Q: What does a perpetrator ‘get’ out of committing MBP?
The principal goal is internal, though there may be concurrent external goals too (such as obtaining money from GoFundMe accounts). One does not rule out the other. The internal goal is a form of emotional gratification, in most cases from attention and sympathy from appearing to be the indefatigable caregiver of a child with a baffling and/or serious illness. The care and concern that result can be seductive and help to continue or increase the maltreatment. Other perpetrators feel a loss of control in their own lives and being able to mislead (and associate with) doctors and other high-status people allows them once again to feel “in control.” Some have a sadistic streak that fuels the abusive behaviors, and others are rageful that the child has usurped their freedom. Still others lack a clear sense of self (they lack “ego strength” and a sense of self-definition) and being the mother of a terribly ill child becomes their identity, which paradoxically reduces their general anxiety about life.
Perpetrators and those who study them often liken the behavior to an addiction or compulsion: these abusers experience an impulse to harm that can feel irresistible, and some experience a build-up of tension and anxiety that seems to be reduced only by engaging in the maltreatment. More study of the reasons for this abusive behavior is badly needed.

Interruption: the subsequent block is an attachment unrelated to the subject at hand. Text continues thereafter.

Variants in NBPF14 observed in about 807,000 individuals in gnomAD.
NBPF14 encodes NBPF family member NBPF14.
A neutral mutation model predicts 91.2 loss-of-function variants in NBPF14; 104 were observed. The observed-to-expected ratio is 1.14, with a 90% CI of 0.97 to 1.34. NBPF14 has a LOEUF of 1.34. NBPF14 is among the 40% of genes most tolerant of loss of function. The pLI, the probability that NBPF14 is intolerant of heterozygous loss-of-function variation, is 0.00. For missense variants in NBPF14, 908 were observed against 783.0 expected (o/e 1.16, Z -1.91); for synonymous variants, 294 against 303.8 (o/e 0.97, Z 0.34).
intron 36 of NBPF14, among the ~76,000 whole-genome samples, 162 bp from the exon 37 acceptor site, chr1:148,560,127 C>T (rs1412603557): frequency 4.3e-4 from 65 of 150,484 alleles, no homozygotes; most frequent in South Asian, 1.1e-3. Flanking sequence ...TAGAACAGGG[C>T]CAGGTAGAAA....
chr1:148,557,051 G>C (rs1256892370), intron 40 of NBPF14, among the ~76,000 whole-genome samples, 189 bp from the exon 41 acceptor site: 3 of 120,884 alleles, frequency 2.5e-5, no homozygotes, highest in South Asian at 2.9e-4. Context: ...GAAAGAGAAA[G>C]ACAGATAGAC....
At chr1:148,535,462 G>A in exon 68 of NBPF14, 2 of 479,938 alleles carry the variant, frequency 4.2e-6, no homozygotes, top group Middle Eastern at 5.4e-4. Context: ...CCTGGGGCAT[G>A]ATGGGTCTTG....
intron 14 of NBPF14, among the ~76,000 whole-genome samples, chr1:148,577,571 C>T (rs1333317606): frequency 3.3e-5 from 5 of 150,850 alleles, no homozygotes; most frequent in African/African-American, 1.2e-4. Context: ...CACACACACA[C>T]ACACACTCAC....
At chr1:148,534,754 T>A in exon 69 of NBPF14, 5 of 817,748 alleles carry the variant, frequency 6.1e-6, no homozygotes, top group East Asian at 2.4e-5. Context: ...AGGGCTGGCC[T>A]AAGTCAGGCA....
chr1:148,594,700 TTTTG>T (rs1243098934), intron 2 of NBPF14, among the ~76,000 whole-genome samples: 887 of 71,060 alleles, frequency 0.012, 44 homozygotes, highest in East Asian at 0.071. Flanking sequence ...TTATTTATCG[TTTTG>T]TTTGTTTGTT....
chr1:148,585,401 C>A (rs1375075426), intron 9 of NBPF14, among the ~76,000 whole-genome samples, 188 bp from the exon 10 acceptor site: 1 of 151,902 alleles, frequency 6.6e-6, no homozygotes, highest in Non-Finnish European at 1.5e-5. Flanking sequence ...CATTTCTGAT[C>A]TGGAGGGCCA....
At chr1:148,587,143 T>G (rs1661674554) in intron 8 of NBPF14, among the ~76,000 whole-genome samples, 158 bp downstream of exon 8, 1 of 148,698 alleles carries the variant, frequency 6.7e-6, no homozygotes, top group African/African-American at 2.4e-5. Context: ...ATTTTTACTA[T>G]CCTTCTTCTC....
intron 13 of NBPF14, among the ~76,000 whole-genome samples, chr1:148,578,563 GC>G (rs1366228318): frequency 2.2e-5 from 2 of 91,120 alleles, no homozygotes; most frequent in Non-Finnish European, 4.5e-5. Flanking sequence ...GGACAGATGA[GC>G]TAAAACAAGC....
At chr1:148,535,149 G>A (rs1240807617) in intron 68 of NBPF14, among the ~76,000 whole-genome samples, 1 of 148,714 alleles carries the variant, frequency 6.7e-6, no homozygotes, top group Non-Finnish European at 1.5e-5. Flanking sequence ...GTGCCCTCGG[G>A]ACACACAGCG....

Q: What distinguishes MBP as a mental health issue of the perpetrator versus a criminal act of child abuse?
In 2013, the American Psychiatric Association opted to associate MBP with a mental disorder called “factitious disorder imposed on another” (FDIA). People with FDIA fabricate or induce illness in another person (or pet) by deceiving health care professionals and others. Increasingly, however, the term “medical child abuse” (MCA) is being used to make it clear that the behavior is abusive; and, in my opinion; not every perpetrator who engages in MCA has FDIA. For instance, some are delusional, and actually believe the child is sick without meaning to deceive others. Still, the behavior constitutes abuse, and would still qualify as MCA. Note that even falsely reporting (i.e., making up) an illness can be very serious if doctors perform procedures and prescribe medications as a result. Also, perpetrators who “simply” lie often progress to actually inducing illness if they don’t garner enough emotional gratification.
Q: What causes people to become MBP perpetrators?
There is no evidence that MBP is genetic or inborn. But many perpetrators claim to have experienced abuse or emotional neglect in childhood. If these claims are valid, some of them may have come to realize that the way to get attention and relief was to pretend to be sick. As adults, at least theoretically, they continue this same behavior but use the body of their child to get their needs met. Perpetrators almost universally have developed personality disorders, such as borderline personality disorder. That means that they have long-term, potentially self-defeating ways of coping with stressors. They may never have developed healthy mechanisms for doing so.